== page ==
May 18, 2018
In 2008, use of repetitive TMS for the treatment of major depressive disorder was approved by the FDA. The “standard” MDD protocol involves 36 sessions, treating at the left dorsolateral prefrontal cortex daily. What has not been discussed as much is what is known as the “Anxiety Protocol,” which often is used either alone or as an augmentation to the Standard MDD protocol for TMS. Though the Anxiety Protocol has not yet received official FDA approval, it is widely used as an off label treatment in the TMS psychiatric community for anxiety and OCD symptoms that frequently accompany depression. Furthermore, its efficacy is supported by many clinical studies.
So what has been the literature on the Anxiety Protocol thus far?
Beginning in 1997, Brian Greenberg, M.D., Ph.D. and colleagues found that stimulating any part of the neural circuitry involved in reward processing and salience detection, including cortex, striatum, globus pallidus and thalamus, could produce modulatory effects on symptoms of obsessive-compulsive disorder (OCD). Repetitive TMS at the prefrontal cortex can alter activity in that region of the brain, which can in turn have modulatory effects on the rest of the circuitry. It was also found that a certain protocol of rTMS against the left and right dorsolateral prefrontal cortex (DLPFC) resulted in a statistically significant reduction in obsessive-compulsive-like behavior. The study used stimulation of the right Prefrontal Cortex, which is the treatment location for the Anxiety Protocol.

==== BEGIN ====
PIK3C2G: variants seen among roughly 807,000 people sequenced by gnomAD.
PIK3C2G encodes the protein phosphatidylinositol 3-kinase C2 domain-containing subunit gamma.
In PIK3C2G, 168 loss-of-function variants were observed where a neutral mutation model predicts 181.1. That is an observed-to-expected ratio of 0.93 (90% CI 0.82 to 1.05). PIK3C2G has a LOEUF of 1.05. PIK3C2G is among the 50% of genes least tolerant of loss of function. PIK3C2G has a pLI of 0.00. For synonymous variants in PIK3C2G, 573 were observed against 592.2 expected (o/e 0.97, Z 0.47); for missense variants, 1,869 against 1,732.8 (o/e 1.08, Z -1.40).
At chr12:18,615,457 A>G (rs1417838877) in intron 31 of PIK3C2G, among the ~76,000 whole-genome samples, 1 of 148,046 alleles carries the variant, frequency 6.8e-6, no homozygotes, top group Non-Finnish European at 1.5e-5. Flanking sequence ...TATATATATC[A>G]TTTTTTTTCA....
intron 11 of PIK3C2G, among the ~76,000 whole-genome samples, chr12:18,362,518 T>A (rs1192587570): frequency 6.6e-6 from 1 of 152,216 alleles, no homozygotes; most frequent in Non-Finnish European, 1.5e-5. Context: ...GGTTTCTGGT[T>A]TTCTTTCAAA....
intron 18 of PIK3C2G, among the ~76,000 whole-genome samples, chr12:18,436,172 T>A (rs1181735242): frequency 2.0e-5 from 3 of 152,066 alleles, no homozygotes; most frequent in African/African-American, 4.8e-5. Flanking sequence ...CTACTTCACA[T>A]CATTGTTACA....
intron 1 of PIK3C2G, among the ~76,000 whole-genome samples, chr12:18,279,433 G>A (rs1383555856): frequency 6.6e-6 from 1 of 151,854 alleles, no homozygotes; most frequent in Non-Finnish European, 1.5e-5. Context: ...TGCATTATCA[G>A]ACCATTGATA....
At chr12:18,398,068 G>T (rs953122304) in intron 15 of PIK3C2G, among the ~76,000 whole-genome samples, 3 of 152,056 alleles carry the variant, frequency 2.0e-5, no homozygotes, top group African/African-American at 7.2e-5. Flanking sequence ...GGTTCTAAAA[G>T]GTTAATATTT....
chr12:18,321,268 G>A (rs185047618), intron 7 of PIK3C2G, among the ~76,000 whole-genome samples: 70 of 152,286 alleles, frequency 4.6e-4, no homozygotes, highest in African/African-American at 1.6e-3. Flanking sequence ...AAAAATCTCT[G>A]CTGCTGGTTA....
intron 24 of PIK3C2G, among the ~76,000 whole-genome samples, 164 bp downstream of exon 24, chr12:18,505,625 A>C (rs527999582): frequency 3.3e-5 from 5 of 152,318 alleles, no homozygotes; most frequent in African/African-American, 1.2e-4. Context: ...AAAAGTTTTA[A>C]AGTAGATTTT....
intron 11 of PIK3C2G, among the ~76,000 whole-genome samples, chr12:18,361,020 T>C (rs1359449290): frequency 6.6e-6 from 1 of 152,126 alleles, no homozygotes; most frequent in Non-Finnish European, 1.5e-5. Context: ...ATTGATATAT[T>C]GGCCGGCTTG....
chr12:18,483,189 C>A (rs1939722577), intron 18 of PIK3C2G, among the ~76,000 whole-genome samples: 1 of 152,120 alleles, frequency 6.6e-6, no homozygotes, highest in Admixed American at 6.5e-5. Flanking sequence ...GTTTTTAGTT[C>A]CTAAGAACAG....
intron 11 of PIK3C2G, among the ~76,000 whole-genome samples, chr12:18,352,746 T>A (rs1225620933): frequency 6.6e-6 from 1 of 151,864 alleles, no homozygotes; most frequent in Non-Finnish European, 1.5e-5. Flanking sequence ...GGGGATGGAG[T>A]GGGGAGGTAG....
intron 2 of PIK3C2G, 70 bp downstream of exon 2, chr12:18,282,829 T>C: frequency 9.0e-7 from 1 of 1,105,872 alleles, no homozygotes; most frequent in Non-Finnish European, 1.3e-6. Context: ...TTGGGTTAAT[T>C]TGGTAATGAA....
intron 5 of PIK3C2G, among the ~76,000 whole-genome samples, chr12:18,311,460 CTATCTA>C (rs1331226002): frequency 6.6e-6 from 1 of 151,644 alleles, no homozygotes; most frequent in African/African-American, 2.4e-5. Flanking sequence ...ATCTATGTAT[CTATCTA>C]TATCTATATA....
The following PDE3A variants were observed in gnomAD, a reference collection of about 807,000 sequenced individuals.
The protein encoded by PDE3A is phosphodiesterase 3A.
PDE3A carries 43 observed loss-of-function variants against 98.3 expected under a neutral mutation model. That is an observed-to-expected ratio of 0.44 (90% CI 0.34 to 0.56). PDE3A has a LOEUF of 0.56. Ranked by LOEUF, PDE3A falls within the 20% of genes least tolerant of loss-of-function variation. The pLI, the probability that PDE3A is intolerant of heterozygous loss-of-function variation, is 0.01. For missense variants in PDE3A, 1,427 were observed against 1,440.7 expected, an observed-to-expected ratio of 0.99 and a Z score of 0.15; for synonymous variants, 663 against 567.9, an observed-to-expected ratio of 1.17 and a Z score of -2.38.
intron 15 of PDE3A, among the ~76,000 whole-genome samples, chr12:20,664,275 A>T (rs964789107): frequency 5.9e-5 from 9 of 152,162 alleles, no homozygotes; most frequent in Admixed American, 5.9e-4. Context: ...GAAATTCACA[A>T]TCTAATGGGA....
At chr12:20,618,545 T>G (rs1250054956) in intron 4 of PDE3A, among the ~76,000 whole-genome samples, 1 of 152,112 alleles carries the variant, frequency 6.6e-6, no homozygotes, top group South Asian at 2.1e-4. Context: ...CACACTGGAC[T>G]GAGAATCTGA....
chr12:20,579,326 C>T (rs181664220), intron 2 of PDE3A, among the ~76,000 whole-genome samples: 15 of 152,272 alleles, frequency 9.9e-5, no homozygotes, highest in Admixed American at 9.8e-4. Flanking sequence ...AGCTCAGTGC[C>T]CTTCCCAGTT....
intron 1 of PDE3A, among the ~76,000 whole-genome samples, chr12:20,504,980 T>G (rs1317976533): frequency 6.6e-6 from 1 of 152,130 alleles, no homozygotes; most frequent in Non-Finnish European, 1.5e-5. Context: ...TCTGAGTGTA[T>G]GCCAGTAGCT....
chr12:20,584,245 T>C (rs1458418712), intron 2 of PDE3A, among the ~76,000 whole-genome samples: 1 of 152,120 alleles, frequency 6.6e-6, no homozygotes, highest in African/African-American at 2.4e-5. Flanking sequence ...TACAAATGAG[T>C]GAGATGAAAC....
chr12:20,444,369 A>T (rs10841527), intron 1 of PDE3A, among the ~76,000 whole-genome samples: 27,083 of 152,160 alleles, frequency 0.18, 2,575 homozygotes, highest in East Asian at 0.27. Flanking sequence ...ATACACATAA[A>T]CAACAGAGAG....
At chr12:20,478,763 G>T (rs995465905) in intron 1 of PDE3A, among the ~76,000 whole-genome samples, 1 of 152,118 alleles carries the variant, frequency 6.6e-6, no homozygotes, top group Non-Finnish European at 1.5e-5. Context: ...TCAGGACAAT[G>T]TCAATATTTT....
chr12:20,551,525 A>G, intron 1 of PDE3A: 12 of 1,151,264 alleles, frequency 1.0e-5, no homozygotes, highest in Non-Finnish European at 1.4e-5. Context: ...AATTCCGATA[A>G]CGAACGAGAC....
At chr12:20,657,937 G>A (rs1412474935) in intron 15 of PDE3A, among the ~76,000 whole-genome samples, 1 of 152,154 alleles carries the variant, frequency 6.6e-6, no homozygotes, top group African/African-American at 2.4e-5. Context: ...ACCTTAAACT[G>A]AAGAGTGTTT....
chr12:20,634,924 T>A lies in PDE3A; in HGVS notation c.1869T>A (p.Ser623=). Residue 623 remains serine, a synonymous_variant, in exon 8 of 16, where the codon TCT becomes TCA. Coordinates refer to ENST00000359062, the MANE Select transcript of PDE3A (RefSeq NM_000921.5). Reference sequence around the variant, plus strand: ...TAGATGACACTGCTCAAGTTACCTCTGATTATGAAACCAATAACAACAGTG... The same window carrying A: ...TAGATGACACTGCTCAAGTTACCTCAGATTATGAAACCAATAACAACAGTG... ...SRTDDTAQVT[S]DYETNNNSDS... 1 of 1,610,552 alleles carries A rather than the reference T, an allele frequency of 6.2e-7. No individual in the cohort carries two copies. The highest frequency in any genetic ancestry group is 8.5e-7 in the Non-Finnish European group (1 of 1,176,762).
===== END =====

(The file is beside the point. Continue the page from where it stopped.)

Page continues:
It is thought that the Anxiety Protocol works by activating GABA-releasing interneurons in the prefrontal cortex, which have an inhibitory effect on the rest of the circuitry. The Anxiety Protocol uses a pulse of 1 Hz, which is an inhibitory pulse that activates these GABA-releasing interneurons and in turn can “deactivate” the deeper areas of the brain responsible for inducing that “fight-or-flight” response to stress or perceived threat, most notably the amygdala.
In 2004, researchers showed that repetitive TMS applied over the right dorsolateral prefrontal cortex (DLPFC) led to reduced symptoms of posttraumatic stress disorder (PTSD). Following 30 sessions of TMS over 6 weeks using the Anxiety Protocol, participants suffering from PTSD showed significantly reduced frequency and intensity of symptoms including re-experiencing visual flashbacks, avoidance, and hyperarousal or anxiety. Neuroimaging via PET scans also confirmed lowered metabolic rate in regions of the brain correlated with reduced anxiety symptoms among participants.
What have the clinical outcomes been at Principium Psychiatry?
At Principium Psychiatry, patients will be thoroughly evaluated and an appropriate treatment protocol determined based on individual needs. We prescribe the Standard MDD protocol for treatment of depressive symptoms. We also offer the Anxiety Protocol as an augmentation to the depression treatment, as well as a treatment for symptoms of anxiety comorbid with depression. Clinical outcomes of the Anxiety Protocol have been excellent, with nearly all patients reporting accelerated improvement of both depression and anxiety symptoms since starting the Anxiety Protocol. It is safe and well-tolerated, with no reports of negative outcomes.